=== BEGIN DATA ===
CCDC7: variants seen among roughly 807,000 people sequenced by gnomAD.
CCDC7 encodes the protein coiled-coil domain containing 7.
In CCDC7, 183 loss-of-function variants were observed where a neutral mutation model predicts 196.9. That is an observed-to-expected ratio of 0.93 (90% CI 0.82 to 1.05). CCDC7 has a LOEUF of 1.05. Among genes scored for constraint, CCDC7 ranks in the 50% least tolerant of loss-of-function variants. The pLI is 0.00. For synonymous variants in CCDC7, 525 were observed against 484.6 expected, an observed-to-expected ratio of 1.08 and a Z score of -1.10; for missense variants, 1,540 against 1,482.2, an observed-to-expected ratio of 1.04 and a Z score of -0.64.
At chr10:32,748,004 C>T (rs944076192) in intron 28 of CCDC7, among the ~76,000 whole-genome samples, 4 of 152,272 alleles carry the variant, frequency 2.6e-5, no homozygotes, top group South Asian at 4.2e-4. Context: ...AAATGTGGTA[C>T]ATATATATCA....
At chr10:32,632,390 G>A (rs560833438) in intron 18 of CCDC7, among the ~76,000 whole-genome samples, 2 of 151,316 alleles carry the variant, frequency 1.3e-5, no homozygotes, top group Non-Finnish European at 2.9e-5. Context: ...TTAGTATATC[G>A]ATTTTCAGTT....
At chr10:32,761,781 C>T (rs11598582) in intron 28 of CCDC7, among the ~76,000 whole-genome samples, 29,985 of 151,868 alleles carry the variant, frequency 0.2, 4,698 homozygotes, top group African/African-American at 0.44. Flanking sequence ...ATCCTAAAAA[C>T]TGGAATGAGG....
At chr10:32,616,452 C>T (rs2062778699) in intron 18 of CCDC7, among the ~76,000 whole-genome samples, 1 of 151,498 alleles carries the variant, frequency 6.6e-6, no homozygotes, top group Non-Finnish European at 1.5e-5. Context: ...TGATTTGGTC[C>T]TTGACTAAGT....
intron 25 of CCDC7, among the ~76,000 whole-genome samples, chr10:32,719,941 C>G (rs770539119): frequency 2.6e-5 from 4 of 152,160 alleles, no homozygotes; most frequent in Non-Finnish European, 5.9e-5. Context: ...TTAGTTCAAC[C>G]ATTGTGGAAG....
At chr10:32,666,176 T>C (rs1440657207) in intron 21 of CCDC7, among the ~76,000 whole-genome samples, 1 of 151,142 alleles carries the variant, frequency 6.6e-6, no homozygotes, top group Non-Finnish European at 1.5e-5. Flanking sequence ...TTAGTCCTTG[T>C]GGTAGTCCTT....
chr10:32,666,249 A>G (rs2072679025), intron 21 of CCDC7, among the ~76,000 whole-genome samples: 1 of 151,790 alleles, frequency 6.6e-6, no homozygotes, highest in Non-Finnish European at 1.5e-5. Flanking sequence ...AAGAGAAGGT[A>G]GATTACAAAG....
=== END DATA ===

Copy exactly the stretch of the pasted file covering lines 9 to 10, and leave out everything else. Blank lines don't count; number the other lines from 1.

At chr10:32,666,176 T>C (rs1440657207) in intron 21 of CCDC7, among the ~76,000 whole-genome samples, 1 of 151,142 alleles carries the variant, frequency 6.6e-6, no homozygotes, top group Non-Finnish European at 1.5e-5. Flanking sequence ...TTAGTCCTTG[T>C]GGTAGTCCTT....
chr10:32,666,249 A>G (rs2072679025), intron 21 of CCDC7, among the ~76,000 whole-genome samples: 1 of 151,790 alleles, frequency 6.6e-6, no homozygotes, highest in Non-Finnish European at 1.5e-5. Flanking sequence ...AAGAGAAGGT[A>G]GATTACAAAG....